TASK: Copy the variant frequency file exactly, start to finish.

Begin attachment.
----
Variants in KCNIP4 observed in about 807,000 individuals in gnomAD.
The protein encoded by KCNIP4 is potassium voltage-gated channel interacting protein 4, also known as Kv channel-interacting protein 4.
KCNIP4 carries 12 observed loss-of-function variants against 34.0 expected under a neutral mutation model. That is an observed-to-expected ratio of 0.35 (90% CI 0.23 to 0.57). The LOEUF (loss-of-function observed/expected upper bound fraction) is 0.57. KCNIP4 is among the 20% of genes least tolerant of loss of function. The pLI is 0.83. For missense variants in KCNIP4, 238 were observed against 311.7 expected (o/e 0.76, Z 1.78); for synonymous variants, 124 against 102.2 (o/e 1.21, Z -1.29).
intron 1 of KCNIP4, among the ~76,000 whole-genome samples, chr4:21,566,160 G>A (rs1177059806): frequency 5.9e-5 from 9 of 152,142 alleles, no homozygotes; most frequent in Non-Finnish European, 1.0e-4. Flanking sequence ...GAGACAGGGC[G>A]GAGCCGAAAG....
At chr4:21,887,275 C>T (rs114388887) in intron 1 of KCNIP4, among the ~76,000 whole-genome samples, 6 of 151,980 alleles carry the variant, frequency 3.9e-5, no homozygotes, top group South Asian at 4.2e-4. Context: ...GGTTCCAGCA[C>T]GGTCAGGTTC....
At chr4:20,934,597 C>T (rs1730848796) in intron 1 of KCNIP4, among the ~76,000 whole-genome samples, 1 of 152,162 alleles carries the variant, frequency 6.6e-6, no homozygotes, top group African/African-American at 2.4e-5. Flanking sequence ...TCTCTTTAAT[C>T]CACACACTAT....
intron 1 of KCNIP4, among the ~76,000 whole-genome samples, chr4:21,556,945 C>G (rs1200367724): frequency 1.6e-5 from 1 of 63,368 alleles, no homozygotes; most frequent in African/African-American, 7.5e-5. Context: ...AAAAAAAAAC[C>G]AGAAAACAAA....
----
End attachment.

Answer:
Variants in KCNIP4 observed in about 807,000 individuals in gnomAD.
The protein encoded by KCNIP4 is potassium voltage-gated channel interacting protein 4, also known as Kv channel-interacting protein 4.
KCNIP4 carries 12 observed loss-of-function variants against 34.0 expected under a neutral mutation model. That is an observed-to-expected ratio of 0.35 (90% CI 0.23 to 0.57). The LOEUF (loss-of-function observed/expected upper bound fraction) is 0.57. KCNIP4 is among the 20% of genes least tolerant of loss of function. The pLI is 0.83. For missense variants in KCNIP4, 238 were observed against 311.7 expected (o/e 0.76, Z 1.78); for synonymous variants, 124 against 102.2 (o/e 1.21, Z -1.29).
intron 1 of KCNIP4, among the ~76,000 whole-genome samples, chr4:21,566,160 G>A (rs1177059806): frequency 5.9e-5 from 9 of 152,142 alleles, no homozygotes; most frequent in Non-Finnish European, 1.0e-4. Flanking sequence ...GAGACAGGGC[G>A]GAGCCGAAAG....
At chr4:21,887,275 C>T (rs114388887) in intron 1 of KCNIP4, among the ~76,000 whole-genome samples, 6 of 151,980 alleles carry the variant, frequency 3.9e-5, no homozygotes, top group South Asian at 4.2e-4. Context: ...GGTTCCAGCA[C>T]GGTCAGGTTC....
At chr4:20,934,597 C>T (rs1730848796) in intron 1 of KCNIP4, among the ~76,000 whole-genome samples, 1 of 152,162 alleles carries the variant, frequency 6.6e-6, no homozygotes, top group African/African-American at 2.4e-5. Flanking sequence ...TCTCTTTAAT[C>T]CACACACTAT....
intron 1 of KCNIP4, among the ~76,000 whole-genome samples, chr4:21,556,945 C>G (rs1200367724): frequency 1.6e-5 from 1 of 63,368 alleles, no homozygotes; most frequent in African/African-American, 7.5e-5. Context: ...AAAAAAAAAC[C>G]AGAAAACAAA....